One might assume that a 100-year-old World War II veteran’s glory days are far behind in the rearview mirror. But Sidney Walton is in the midst of a glorious mission few at his age would even consider.
Walton is nearly halfway through a quest to visit every governor in the U.S. — racking up a visit with California Gov. Gavin Newsom in Sacramento Monday as he attempts to call attention to the diminishing number of living veterans from World War II.
"I’m not Schwarzenegger, which is more interesting," Newsom said, introducing himself to the veteran during a brief visit in the state capitol.
"He’s out to meet as many people that would love to meet a World War II veteran before it’s too late," said son Paul Walton, who does most of the talking for his dad.
Over the last year, the elder Walton has met with 23 governors, from Rhode Island to New York to Hawaii to South Carolina to Oregon. Paul said the pair hopscotch states depending on which governors are available.
The tour is dubbed the Go Sidney No Regrets tour — Paul said his dad long-regretted missing an opportunity to meet Civil War veterans when he was young and now wants to give others a chance to meet a surviving World War II veteran.
"People come up to him constantly thanking him for his service, thanking him for saving the country," Paul said in the lobby of his Sacramento hotel as well-wishers visited with his dad.
In June, the Waltons made the trek to Normandy where Sidney shared a stage with President Trump and French President Emmanuel Macron in marking the 75th anniversary of the seaborne invasion of D-Day. He visited the beach where the invasion took place and posed for photos with dozens of military members.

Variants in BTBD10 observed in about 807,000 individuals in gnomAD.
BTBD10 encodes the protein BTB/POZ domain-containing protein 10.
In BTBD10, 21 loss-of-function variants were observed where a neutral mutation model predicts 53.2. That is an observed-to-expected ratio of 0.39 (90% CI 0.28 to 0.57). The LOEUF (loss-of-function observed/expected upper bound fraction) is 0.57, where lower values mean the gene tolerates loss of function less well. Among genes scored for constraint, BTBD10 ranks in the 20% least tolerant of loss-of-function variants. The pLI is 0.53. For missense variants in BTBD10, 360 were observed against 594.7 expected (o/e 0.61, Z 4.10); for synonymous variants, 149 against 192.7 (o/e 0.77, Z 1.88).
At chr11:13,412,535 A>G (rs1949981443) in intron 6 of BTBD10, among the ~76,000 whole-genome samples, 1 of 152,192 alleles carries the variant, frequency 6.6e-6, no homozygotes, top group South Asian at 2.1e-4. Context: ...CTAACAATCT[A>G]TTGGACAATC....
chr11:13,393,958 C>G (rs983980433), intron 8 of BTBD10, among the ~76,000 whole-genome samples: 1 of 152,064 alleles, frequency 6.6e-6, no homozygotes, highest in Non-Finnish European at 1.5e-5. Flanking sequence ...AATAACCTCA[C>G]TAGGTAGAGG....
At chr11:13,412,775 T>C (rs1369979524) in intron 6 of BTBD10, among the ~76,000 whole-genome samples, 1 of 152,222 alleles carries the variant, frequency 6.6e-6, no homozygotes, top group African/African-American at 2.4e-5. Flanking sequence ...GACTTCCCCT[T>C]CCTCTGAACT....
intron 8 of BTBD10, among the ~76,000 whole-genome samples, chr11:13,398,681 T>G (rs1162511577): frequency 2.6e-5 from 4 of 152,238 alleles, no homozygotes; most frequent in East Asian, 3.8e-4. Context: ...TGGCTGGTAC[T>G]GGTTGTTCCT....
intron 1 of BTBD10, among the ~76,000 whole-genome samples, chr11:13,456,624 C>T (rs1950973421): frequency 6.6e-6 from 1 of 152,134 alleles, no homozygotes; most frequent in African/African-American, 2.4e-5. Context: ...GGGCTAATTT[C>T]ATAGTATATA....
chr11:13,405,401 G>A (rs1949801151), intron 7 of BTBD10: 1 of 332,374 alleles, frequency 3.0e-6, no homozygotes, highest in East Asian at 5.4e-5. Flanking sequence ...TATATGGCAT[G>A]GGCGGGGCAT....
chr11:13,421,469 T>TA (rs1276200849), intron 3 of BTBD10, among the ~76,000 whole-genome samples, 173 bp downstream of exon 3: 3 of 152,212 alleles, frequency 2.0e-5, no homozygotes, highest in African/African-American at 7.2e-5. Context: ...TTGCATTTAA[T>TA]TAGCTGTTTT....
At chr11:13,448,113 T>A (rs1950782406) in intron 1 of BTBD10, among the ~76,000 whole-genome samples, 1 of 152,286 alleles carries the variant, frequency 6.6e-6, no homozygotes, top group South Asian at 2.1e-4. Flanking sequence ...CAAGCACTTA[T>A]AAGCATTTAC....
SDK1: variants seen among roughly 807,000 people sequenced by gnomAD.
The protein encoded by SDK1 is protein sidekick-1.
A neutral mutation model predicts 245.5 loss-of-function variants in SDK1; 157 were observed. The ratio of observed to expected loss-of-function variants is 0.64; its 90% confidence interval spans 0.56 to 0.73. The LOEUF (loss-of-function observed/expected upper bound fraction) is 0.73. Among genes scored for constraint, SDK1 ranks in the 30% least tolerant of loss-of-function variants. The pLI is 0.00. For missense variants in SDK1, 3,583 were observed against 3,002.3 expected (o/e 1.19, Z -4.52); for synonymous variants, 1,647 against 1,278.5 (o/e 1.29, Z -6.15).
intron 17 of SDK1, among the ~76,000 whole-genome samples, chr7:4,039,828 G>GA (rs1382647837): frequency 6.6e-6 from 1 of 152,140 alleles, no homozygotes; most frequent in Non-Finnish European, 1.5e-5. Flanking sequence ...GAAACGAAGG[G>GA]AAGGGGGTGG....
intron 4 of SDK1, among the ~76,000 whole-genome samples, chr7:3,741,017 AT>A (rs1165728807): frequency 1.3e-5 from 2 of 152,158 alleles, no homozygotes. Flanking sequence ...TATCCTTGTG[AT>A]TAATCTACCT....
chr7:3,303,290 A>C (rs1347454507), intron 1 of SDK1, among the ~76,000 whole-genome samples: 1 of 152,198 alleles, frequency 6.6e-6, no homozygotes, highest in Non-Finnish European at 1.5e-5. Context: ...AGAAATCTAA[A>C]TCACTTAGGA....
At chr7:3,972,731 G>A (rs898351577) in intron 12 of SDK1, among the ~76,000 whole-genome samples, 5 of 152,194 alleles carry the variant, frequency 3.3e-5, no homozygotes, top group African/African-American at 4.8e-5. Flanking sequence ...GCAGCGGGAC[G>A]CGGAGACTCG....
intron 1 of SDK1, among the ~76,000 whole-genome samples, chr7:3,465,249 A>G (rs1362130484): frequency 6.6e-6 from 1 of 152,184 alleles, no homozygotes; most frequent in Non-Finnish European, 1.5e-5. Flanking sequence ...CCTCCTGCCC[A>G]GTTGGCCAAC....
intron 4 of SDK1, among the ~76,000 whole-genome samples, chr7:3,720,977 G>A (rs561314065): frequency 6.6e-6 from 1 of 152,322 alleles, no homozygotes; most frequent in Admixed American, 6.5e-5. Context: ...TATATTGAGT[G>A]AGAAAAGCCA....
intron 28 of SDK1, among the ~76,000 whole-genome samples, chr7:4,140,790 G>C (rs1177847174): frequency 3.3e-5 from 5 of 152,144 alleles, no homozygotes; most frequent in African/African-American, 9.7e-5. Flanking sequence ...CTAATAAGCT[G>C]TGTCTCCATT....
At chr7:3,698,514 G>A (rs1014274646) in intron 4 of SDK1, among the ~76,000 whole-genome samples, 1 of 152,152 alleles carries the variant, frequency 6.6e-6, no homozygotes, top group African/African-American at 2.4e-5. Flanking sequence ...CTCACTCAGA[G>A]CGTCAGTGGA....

Walton’s own wartime experience started nine months before the Japanese attack on Pearl Harbor when he enlisted in the Army. But the night before his unit was set to ship out to what would ultimately become the Battle of the Bulge, Walton stepped in a fox hole and broke his ankle. The members of his unit left without him, and Walton never heard from them again — assuming they were lost in the bloody battle.
"I think I’m lucky," said Sidney, who ended up taking part in formidable allied fighting in India.
When his son posed the question of his father’s thoughts on war, Sidney replied, "Anytime, it’s horrible."
Although wheelchair-bound, his memory faded and speaking difficult, the elderly San Diego man appears to be enjoying his late life adventure across the U.S. and beyond. When Paul pointed out there were still 27 more states to tackle, his father quickly answered, "Sounds great!"
Paul said he quit his own job seven years ago to take care full-time of his father. But instead of sliding into easy chairs, the men appear to be in the midst of an epic father-son road trip.
"He’s willing to get on a plane, he’s willing to get on a choo-choo train and he’s willing to get in a car," Paul said. "Whatever it takes to spread this wonderful message."